Agriculture Value Chain Series – Producers

  • 08 Mei 2020
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Producers and agribusinesses have  a very uniquely important role in the value chain in that they are the primary producers of food sources for our country. The restrictions on the economy forced by the lockdown due to the Covid-19 pandemic has worked to emphasise the importance of the agricultural value chain as we have seen government acknowledge the big role that agri systems play in the country. John Purchase poses a question to the panel about their views on how the Covid-19 pandemic will influence the farmers. Pierre Vercueil starts by going into detail about the many negative ways in which the sector will be affected by the pandemic. He mentions live animal auctions and how the market has been affected by auctions not taking place. He predicts some difficulty in the next couple of years, especially for emerging farmers.

Louw van Reenen adds that while we may not have all the answers at the moment, it is vital that we draw from past experiences of hardship to better brace ourselves for what is to come and forecast what we are going to do. He expands on the measures that have been put in place in his business and lets viewers in on how they are making economic preparations in light of what has happened in other parts of the world. “We in South Africa are much more fortunate in that we have been exposed to viruses in many forms so, in terms of the implementing the preventative measures like hygiene and sanitation, we were already ahead in some ways. The challenge comes with having to find new ways to do business without compromising the business.”

Speaking from an agribusiness perspective, Danie Minnaar concedes that we are currently dealing with a beast that we do not know so it is difficult to figure out exactly how best to fight it. He touches on global economic issues that will most likely lead to a surplus of maize for the next years or two. He expresses fears about what will happen if the pandemic reaches the farms and starts to affect farming operations. “At this point, we have to live day to day and make adjustments and decisions on a continuous basis.”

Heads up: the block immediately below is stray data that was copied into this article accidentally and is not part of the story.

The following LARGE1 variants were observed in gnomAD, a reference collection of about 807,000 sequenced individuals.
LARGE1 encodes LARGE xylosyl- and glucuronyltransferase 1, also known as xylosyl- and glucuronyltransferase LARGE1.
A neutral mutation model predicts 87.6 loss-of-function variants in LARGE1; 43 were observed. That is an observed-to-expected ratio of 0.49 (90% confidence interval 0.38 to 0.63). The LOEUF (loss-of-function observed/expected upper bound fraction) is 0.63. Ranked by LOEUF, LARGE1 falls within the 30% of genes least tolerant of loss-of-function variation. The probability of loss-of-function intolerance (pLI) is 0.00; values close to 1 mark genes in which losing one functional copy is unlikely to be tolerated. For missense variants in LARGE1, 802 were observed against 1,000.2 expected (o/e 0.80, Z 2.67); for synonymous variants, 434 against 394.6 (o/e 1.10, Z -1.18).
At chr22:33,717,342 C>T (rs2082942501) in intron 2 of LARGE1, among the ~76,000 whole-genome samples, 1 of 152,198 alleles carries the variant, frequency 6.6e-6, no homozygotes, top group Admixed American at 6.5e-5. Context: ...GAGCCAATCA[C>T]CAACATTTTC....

Jaco Minnaar joins the conversation by highlighting that the changing economic situation of some parts of the population may lead to a reversion back to staple food as the population becomes poorer. He explains the factors that will influence the maize and wheat prices and the opportunities that may open up for local production. Jaco enlightens viewers on the effect of the alcohol ban, albeit temporary, on barley hectares that now need to be moved in to other markets. He speaks with the hope that in future, we will see a government being more protective and promoting local agricultural markets.

Jannie de Villiers calls for calm and reminds producers of the virtue that is to be found in not panicking and sticking to the way they have dealt with business in times of rapid change. “This has made us realise how little people know about how value chain works and how the pricing in a value chain works.” He explains the price drops in milk and potatoes and the factors that influence these prices.

The panel covers a range of issues that directly affect food production, food pricing and agribusiness as a whole. The conversation winds down on a positive note with the panellist offering valuable advice on how producers can get through this period. They offer practical solutions to problems that may arise during this period and offer tips on how best to get through it.

In the fifth session of the series, we will be looking at Finances. The discussion will provide an Introduction to the importance of open, competitive value chains and financing in the system, including the extent of primary agricultural debt and the need for insurance.








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